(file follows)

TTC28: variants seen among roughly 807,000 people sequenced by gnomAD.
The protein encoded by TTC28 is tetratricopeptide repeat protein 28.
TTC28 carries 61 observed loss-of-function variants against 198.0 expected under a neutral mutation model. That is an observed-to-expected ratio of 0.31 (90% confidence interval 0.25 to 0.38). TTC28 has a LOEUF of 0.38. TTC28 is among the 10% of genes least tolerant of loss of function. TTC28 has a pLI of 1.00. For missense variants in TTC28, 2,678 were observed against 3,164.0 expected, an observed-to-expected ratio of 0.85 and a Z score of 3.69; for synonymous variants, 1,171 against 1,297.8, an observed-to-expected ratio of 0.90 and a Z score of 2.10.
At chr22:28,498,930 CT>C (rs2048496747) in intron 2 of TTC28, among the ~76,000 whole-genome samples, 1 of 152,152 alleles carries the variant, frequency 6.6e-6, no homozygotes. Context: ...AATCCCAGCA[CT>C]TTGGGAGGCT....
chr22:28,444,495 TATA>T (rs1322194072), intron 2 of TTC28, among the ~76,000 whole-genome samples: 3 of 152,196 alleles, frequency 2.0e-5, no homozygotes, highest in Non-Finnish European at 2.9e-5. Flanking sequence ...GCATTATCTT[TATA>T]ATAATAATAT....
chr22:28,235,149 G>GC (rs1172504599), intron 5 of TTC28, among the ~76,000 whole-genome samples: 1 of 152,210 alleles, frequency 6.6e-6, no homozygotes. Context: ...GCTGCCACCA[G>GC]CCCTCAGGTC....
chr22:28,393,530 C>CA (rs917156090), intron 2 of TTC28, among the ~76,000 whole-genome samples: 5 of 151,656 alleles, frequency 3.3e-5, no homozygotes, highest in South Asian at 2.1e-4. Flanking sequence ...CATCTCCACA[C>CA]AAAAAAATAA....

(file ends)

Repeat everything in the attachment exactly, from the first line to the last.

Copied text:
TTC28: variants seen among roughly 807,000 people sequenced by gnomAD.
The protein encoded by TTC28 is tetratricopeptide repeat protein 28.
TTC28 carries 61 observed loss-of-function variants against 198.0 expected under a neutral mutation model. That is an observed-to-expected ratio of 0.31 (90% confidence interval 0.25 to 0.38). TTC28 has a LOEUF of 0.38. TTC28 is among the 10% of genes least tolerant of loss of function. TTC28 has a pLI of 1.00. For missense variants in TTC28, 2,678 were observed against 3,164.0 expected, an observed-to-expected ratio of 0.85 and a Z score of 3.69; for synonymous variants, 1,171 against 1,297.8, an observed-to-expected ratio of 0.90 and a Z score of 2.10.
At chr22:28,498,930 CT>C (rs2048496747) in intron 2 of TTC28, among the ~76,000 whole-genome samples, 1 of 152,152 alleles carries the variant, frequency 6.6e-6, no homozygotes. Context: ...AATCCCAGCA[CT>C]TTGGGAGGCT....
chr22:28,444,495 TATA>T (rs1322194072), intron 2 of TTC28, among the ~76,000 whole-genome samples: 3 of 152,196 alleles, frequency 2.0e-5, no homozygotes, highest in Non-Finnish European at 2.9e-5. Flanking sequence ...GCATTATCTT[TATA>T]ATAATAATAT....
chr22:28,235,149 G>GC (rs1172504599), intron 5 of TTC28, among the ~76,000 whole-genome samples: 1 of 152,210 alleles, frequency 6.6e-6, no homozygotes. Context: ...GCTGCCACCA[G>GC]CCCTCAGGTC....
chr22:28,393,530 C>CA (rs917156090), intron 2 of TTC28, among the ~76,000 whole-genome samples: 5 of 151,656 alleles, frequency 3.3e-5, no homozygotes, highest in South Asian at 2.1e-4. Flanking sequence ...CATCTCCACA[C>CA]AAAAAAATAA....